Caroline Rance of Friends of the Earth Scotland, an environmental group, said: “It looks like the fossil fuel lobby had their hands on the text to weaken it.”
While burning fossil fuels is the dominant cause of climate change, the phrase “fossil fuels” has never made it into a final agreement in more than 25 years of climate negotiations. Other experts said that any reference to ending subsidies that appears in the ultimate agreement will mark an important shift in openly discussing the root cause of climate change.
The latest draft, which is intended to push negotiators toward a final agreement, was released after talks went into the wee hours Friday morning. Negotiations are scheduled to end on Friday, but diplomats said the deadline was likely to slip.
GLASGOW — Vanessa Nakate, a climate activist from Uganda, told the United Nations climate summit on Thursday that she and her peers did not believe the pledges that ministers, corporations and banks made this week to move aggressively on climate change.
But they want to.
“I’m actually here to beg you to prove us wrong,” Ms. Nakate said. “God help us all if you fail to prove us wrong.”
In one of the most powerful speeches to date before the U.N. climate summit, Ms. Nakate, 24, told diplomats that leaders already are trying to brand the conference, known as COP26, a success, but that she and her peers weren’t buying it.
“Let us be honest,” she said. “We have been here before.”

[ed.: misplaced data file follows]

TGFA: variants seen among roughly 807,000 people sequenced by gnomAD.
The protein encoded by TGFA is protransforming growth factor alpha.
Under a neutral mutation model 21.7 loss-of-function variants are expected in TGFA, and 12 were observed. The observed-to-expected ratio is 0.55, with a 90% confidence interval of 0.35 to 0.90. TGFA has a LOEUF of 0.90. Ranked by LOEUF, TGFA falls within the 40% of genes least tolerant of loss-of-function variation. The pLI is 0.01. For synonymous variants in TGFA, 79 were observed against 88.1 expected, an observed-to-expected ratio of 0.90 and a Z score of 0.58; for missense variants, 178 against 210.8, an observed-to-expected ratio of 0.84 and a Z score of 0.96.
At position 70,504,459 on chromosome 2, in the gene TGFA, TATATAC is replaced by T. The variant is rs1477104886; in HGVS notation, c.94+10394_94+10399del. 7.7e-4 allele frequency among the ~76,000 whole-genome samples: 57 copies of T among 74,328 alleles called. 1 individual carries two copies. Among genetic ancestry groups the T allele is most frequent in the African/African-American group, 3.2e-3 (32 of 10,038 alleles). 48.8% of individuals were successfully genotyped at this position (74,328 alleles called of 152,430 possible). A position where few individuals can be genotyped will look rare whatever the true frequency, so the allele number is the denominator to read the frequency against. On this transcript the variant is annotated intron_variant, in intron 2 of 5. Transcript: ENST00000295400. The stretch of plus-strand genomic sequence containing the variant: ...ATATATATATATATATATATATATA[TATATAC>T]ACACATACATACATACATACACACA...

After a quarter of a century of climate conferences and new annual commitments, planet-warming greenhouse gas emissions continue to rise. “This year will be no different,” Ms. Nakate said.
“We are drowning in promises,” she said.
“Commitments,” Ms. Nakate said, “will not reduce CO2. Promises will not stop the suffering of the people. Pledges will not stop the planet from warming. Only immediate and drastic action will pull us back from the abyss.”
She called out business leaders and investors, saying they had not taken immediate action but instead were “flying into COP on private jets” and “making fancy speeches.” She also questioned the presence of those in the fossil fuel industry.
“I hope you can appreciate that we may be skeptical when the largest delegation here at the COP26 climate summit does not belong to a country,” she said, “but instead belongs to the fossil fuel industry.”
And she had a message for those bearing promises: “Show us your trustworthiness. Show us your honesty. I am here to say: Prove us wrong.”